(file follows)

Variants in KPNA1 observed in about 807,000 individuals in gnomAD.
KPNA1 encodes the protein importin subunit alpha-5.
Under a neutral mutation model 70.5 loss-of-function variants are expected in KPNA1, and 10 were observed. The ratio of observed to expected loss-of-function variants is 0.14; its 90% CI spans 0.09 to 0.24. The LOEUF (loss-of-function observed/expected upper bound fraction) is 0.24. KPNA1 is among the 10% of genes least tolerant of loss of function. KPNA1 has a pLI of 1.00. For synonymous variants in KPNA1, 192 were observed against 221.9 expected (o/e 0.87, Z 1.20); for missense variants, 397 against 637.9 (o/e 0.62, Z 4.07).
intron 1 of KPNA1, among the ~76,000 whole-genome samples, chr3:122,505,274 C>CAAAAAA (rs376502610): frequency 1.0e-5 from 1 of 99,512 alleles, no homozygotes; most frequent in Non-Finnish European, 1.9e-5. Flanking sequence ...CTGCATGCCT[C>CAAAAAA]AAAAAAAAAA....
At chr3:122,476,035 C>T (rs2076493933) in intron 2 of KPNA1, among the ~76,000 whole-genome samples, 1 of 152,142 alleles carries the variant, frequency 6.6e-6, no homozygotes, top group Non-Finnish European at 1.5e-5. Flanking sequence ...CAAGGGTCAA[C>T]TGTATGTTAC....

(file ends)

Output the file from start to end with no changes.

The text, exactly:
Variants in KPNA1 observed in about 807,000 individuals in gnomAD.
KPNA1 encodes the protein importin subunit alpha-5.
Under a neutral mutation model 70.5 loss-of-function variants are expected in KPNA1, and 10 were observed. The ratio of observed to expected loss-of-function variants is 0.14; its 90% CI spans 0.09 to 0.24. The LOEUF (loss-of-function observed/expected upper bound fraction) is 0.24. KPNA1 is among the 10% of genes least tolerant of loss of function. KPNA1 has a pLI of 1.00. For synonymous variants in KPNA1, 192 were observed against 221.9 expected (o/e 0.87, Z 1.20); for missense variants, 397 against 637.9 (o/e 0.62, Z 4.07).
intron 1 of KPNA1, among the ~76,000 whole-genome samples, chr3:122,505,274 C>CAAAAAA (rs376502610): frequency 1.0e-5 from 1 of 99,512 alleles, no homozygotes; most frequent in Non-Finnish European, 1.9e-5. Flanking sequence ...CTGCATGCCT[C>CAAAAAA]AAAAAAAAAA....
At chr3:122,476,035 C>T (rs2076493933) in intron 2 of KPNA1, among the ~76,000 whole-genome samples, 1 of 152,142 alleles carries the variant, frequency 6.6e-6, no homozygotes, top group Non-Finnish European at 1.5e-5. Flanking sequence ...CAAGGGTCAA[C>T]TGTATGTTAC....